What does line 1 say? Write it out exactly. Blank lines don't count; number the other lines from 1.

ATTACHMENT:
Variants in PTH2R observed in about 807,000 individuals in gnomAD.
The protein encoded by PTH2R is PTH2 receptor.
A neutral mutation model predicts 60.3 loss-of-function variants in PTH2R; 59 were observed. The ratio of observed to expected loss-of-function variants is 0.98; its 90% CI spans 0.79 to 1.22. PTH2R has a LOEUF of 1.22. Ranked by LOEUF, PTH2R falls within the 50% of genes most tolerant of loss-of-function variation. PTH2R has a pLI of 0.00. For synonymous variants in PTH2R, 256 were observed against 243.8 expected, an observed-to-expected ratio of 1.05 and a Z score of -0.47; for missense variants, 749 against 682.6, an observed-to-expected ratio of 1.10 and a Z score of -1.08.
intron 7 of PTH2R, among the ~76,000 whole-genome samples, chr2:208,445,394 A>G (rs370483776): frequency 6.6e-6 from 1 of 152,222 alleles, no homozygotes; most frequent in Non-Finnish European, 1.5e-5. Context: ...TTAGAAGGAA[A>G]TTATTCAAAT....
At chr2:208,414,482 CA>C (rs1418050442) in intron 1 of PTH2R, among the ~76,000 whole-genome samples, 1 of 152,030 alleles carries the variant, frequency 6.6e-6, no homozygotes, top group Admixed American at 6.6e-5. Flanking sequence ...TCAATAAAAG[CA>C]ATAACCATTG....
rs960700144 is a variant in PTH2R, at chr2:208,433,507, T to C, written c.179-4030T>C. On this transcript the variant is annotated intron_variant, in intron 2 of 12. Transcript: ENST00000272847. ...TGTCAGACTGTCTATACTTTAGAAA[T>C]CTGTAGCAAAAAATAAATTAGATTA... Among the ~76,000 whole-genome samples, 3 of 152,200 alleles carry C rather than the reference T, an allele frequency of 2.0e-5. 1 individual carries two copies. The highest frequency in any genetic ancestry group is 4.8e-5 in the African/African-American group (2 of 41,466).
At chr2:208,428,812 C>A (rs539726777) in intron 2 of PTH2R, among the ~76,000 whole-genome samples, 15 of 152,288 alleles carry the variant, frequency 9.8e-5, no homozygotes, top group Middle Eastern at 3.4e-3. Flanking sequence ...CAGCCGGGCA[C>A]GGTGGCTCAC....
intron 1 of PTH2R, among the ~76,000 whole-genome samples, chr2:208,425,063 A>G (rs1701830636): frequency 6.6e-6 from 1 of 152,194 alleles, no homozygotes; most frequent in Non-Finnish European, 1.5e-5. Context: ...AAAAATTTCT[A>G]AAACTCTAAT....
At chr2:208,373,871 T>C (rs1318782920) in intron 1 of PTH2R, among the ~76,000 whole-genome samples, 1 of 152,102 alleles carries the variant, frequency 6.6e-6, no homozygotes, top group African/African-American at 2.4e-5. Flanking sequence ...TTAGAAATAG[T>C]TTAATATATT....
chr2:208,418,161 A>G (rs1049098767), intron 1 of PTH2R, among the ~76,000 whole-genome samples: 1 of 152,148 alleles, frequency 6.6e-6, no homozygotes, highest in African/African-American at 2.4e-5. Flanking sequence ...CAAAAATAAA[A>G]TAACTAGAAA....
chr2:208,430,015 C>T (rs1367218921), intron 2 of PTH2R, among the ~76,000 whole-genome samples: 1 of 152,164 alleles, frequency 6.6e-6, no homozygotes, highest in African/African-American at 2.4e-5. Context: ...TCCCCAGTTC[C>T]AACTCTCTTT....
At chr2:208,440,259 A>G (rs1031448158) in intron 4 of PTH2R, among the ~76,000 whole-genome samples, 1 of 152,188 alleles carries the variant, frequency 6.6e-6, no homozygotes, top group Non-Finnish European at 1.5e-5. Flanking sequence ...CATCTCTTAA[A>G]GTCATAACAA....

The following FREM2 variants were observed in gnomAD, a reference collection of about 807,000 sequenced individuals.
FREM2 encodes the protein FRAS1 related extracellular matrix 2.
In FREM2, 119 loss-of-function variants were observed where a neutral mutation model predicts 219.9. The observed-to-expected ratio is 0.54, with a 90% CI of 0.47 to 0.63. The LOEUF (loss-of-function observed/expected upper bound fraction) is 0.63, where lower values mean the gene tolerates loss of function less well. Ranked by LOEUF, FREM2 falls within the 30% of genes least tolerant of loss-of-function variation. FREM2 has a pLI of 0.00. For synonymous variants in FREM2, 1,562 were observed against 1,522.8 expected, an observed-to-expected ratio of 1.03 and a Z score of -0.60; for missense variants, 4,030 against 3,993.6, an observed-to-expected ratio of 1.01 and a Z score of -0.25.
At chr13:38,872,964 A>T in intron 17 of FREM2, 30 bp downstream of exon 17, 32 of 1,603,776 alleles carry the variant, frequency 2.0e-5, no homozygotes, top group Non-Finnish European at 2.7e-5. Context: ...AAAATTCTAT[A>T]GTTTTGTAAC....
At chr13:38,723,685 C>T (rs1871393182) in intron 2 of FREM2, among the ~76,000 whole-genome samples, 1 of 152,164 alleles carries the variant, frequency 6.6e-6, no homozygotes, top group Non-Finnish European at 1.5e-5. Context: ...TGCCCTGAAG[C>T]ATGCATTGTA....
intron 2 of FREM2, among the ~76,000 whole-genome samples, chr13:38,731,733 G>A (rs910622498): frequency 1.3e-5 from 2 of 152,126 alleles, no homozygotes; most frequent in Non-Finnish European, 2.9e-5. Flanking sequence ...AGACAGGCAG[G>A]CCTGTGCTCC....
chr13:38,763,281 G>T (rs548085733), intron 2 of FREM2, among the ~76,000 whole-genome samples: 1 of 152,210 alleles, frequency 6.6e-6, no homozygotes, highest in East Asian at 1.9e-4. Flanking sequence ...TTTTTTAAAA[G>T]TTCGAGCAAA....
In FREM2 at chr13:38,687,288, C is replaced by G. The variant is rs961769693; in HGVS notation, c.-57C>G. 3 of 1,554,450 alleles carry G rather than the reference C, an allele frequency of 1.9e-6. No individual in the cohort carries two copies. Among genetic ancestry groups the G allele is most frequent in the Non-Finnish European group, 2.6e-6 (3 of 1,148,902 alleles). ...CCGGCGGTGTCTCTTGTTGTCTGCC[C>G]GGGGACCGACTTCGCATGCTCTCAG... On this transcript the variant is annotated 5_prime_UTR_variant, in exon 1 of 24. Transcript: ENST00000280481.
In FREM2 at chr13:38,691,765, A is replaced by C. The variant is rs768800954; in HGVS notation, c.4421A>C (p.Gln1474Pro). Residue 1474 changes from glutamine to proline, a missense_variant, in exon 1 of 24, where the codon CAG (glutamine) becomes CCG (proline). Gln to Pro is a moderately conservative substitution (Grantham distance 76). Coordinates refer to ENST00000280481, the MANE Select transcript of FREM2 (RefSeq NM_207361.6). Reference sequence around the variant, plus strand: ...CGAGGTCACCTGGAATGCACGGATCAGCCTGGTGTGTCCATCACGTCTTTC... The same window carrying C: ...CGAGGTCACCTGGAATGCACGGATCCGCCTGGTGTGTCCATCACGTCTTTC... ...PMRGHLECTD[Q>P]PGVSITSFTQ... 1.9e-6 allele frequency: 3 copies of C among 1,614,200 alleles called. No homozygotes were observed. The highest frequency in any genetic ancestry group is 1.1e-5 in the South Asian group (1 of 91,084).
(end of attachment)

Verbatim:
Variants in PTH2R observed in about 807,000 individuals in gnomAD.